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Tuesday December 11, 2012 in Books
Xat’sull Chief Bev Sellars spent her childhood in a church-run residential school whose aim it was to “civilize” Native children through Christian teachings, forced separation from family and culture, and discipline. In addition, beginning at the age of ﬁve, Sellars was isolated for two years at Coqualeetza Indian Turberculosis Hospital in Sardis, British Columbia, nearly six hours’ drive from home. The trauma of these experiences has reverberated throughout her life.
The ﬁrst full-length memoir to be published out of St. Joseph’s Mission at Williams Lake, BC, Sellars tells of three generations of women who attended the school, interweaving the personal histories of her grandmother and her mother with her own. She tells of hunger, forced labour, and physical beatings, often with a leather strap, and also of the demand for conformity in a culturally alien institution where children were conﬁned and denigrated for failure to be White and Roman Catholic.
Like Native children forced by law to attend schools across Canada and the United States, Sellars and other students of St. Joseph’s Mission were allowed home only for two months in the summer and for two weeks at Christmas. The rest of the year they lived, worked, and studied at the school. St. Joseph’s mission is the site of the controversial and well-publicized sex-related oﬀences of Bishop Hubert O’Connor, which took place during Sellars’s student days, between 1962 and 1967, when O’Connor was the school principal. After the school’s closure, those who had been forced to attend came from surrounding reserves and smashed windows, tore doors and cabinets from the wall, and broke anything that could be broken. Overnight their anger turned a site of shameful memory into a pile of rubble.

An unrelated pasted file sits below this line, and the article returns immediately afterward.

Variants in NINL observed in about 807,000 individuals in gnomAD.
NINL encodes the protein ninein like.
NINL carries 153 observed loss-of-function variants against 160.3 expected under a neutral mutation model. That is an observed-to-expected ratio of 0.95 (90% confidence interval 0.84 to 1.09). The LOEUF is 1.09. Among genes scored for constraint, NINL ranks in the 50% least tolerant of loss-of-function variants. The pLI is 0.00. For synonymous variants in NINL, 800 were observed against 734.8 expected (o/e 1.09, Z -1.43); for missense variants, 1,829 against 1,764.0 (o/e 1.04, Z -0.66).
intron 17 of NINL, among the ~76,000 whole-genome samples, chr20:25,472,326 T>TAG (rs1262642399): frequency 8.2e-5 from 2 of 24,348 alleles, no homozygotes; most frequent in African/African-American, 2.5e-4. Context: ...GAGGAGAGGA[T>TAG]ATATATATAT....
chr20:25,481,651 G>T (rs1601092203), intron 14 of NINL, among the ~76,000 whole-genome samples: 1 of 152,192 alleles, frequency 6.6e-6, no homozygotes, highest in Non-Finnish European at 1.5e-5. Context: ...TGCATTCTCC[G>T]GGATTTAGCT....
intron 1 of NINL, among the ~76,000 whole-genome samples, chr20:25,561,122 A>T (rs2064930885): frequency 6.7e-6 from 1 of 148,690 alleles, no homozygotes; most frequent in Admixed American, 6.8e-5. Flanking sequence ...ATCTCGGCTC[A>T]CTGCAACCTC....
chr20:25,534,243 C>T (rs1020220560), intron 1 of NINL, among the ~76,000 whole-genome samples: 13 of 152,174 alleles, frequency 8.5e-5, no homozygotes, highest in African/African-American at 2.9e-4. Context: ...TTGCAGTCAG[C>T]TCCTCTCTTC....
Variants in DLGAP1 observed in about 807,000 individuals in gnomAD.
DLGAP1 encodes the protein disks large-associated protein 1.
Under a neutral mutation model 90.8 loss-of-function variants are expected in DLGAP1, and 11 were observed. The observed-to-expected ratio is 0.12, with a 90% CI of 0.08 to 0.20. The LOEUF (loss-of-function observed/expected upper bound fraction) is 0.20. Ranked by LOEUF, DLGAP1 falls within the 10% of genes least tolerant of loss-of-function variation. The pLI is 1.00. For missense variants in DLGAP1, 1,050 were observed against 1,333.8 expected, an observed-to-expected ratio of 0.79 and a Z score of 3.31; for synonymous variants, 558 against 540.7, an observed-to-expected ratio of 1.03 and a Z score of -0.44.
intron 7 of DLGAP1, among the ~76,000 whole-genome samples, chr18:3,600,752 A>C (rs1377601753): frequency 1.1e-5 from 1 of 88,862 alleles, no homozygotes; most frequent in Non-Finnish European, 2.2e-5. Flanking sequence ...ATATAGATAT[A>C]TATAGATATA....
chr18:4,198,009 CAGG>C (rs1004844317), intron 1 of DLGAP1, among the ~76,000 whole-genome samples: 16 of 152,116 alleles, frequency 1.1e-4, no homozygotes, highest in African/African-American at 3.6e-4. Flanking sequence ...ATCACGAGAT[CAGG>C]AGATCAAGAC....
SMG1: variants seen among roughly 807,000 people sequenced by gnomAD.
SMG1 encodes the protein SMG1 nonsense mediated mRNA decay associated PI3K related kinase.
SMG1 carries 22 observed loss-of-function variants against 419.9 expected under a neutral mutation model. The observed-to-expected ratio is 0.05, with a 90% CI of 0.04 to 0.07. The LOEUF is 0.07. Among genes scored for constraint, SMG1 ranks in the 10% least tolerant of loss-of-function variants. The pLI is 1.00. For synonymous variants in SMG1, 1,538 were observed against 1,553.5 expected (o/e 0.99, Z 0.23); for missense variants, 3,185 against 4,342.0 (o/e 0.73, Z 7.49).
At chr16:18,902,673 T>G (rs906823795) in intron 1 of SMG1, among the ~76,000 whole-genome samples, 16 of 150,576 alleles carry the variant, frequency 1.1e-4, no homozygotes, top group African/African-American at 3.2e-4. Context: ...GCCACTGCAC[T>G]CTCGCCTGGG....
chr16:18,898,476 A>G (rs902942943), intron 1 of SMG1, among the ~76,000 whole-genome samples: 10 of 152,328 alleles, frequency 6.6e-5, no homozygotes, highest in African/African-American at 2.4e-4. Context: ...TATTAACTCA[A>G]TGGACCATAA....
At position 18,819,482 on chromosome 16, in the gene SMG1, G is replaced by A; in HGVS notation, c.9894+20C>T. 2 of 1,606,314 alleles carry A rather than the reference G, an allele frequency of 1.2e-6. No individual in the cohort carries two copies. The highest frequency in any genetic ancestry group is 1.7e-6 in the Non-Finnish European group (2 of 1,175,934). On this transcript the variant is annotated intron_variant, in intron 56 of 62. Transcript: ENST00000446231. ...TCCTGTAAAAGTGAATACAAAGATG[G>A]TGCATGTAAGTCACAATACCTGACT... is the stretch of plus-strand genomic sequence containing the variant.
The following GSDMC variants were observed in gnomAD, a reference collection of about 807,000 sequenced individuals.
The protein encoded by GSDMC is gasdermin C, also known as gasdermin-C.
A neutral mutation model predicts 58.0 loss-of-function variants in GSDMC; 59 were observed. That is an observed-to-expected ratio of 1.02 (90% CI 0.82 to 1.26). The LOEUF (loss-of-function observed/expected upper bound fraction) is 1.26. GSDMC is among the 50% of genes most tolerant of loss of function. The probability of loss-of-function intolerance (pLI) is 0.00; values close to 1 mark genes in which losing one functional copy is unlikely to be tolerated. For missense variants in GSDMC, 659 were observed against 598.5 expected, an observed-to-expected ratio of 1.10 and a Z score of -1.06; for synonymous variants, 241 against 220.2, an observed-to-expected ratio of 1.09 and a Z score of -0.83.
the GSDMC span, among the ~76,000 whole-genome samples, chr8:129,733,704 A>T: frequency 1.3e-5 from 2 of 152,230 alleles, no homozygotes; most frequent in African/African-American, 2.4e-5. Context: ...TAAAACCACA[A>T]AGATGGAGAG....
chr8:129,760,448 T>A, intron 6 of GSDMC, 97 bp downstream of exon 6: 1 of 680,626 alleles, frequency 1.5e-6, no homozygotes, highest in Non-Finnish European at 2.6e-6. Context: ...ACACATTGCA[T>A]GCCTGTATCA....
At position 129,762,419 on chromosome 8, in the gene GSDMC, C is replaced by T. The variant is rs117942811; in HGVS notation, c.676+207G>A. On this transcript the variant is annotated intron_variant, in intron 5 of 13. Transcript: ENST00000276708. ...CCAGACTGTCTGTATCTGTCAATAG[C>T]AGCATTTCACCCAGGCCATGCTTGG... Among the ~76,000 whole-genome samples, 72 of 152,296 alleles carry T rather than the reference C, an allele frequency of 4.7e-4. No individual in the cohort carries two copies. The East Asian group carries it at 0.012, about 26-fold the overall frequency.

In this frank and poignant memoir, Sellars breaks her silence about the institution’s lasting eﬀects, and eloquently articulates her own path to healing.
ISBN 13: 9780889227415 | ISBN 10: 0889227411
5.5 W x 8.5 H inches | 256 pages
19.95 CAN / 19.95 US
Backlist | Non-Fiction | Bisac: BIO026000
QUOTES OF NOTE
“Deeply personal, sorrowful and ultimately triumphal, They Called Me Number One is an important addition to the literature on residential schools, and Canada’s reckoning with its colonial past.”
– Winnipeg Free Press
“Candidly and with brilliant clarity, Bev Sellars draws us deeply into her life while pointing a penetrating light into the darkest shadows of Canada’s racist and genocidal … residential schools. In her telling, survivors and the families of those who did not make it will feel their own stories.”
– Grand Chief Edward John, UN Permanent Forum on Indigenous Issues
“Chief Sellars bravely adds her voice to the burgeoning chorus of stories about residential schools…. That she has been able to carefully articulate such a deeply personal and painful story is a testament to her courage and determination.”
– Chief Phil Fontaine, former National Chief of the Assembly of First Nations
“An important contribution to the collective voice now addressing the subject of the residential schools, written by one who’s been there. An essential part of the healing process. May it continue …”
– Tomson Highway
Shortlisted for the 2014 Hubert Evans Non-Fiction Prize (B.C. Book Prizes)
Winner of the 2014 George Ryga Award for Social Awareness in Literature
40 weeks on the B.C. Bestsellers list in 2013 & 2014!
About the ContributorsBev Sellars
Bev Sellars is chief of the Xat’sull (Soda Creek) First Nation in Williams Lake, British Columbia. She was ﬁrst elected chief in 1987 and has spoken out on behalf of her community on racism and residential schools and on the environmental and social threats of mineral resource exploitation in her region.
We gratefully acknowledge the financial support of the Canada Council for the Arts; the Government of Canada through the Canada Book Fund (CBF); and the Province of British Columbia through the British Columbia Arts Council for our publishing activities.